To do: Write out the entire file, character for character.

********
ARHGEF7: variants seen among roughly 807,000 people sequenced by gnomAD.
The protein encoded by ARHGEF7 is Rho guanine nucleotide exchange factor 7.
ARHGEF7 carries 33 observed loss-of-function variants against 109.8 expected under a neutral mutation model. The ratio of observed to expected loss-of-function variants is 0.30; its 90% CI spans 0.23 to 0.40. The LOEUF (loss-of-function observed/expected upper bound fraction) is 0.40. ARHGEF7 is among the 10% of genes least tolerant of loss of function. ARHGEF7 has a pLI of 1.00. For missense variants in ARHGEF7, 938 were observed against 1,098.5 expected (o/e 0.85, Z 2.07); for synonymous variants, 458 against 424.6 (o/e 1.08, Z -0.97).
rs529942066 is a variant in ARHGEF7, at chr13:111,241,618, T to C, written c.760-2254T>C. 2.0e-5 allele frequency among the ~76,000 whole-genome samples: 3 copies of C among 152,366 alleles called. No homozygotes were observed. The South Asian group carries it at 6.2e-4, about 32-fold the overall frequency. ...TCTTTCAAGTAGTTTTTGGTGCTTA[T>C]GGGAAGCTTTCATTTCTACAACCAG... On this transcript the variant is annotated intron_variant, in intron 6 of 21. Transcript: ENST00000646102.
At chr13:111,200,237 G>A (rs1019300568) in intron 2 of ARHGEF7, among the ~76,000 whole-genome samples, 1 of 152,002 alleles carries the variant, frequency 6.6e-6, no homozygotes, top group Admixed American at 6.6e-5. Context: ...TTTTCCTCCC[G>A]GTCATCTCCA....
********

ARHGEF7: variants seen among roughly 807,000 people sequenced by gnomAD.
The protein encoded by ARHGEF7 is Rho guanine nucleotide exchange factor 7.
ARHGEF7 carries 33 observed loss-of-function variants against 109.8 expected under a neutral mutation model. The ratio of observed to expected loss-of-function variants is 0.30; its 90% CI spans 0.23 to 0.40. The LOEUF (loss-of-function observed/expected upper bound fraction) is 0.40. ARHGEF7 is among the 10% of genes least tolerant of loss of function. ARHGEF7 has a pLI of 1.00. For missense variants in ARHGEF7, 938 were observed against 1,098.5 expected (o/e 0.85, Z 2.07); for synonymous variants, 458 against 424.6 (o/e 1.08, Z -0.97).
rs529942066 is a variant in ARHGEF7, at chr13:111,241,618, T to C, written c.760-2254T>C. 2.0e-5 allele frequency among the ~76,000 whole-genome samples: 3 copies of C among 152,366 alleles called. No homozygotes were observed. The South Asian group carries it at 6.2e-4, about 32-fold the overall frequency. ...TCTTTCAAGTAGTTTTTGGTGCTTA[T>C]GGGAAGCTTTCATTTCTACAACCAG... On this transcript the variant is annotated intron_variant, in intron 6 of 21. Transcript: ENST00000646102.
At chr13:111,200,237 G>A (rs1019300568) in intron 2 of ARHGEF7, among the ~76,000 whole-genome samples, 1 of 152,002 alleles carries the variant, frequency 6.6e-6, no homozygotes, top group Admixed American at 6.6e-5. Context: ...TTTTCCTCCC[G>A]GTCATCTCCA....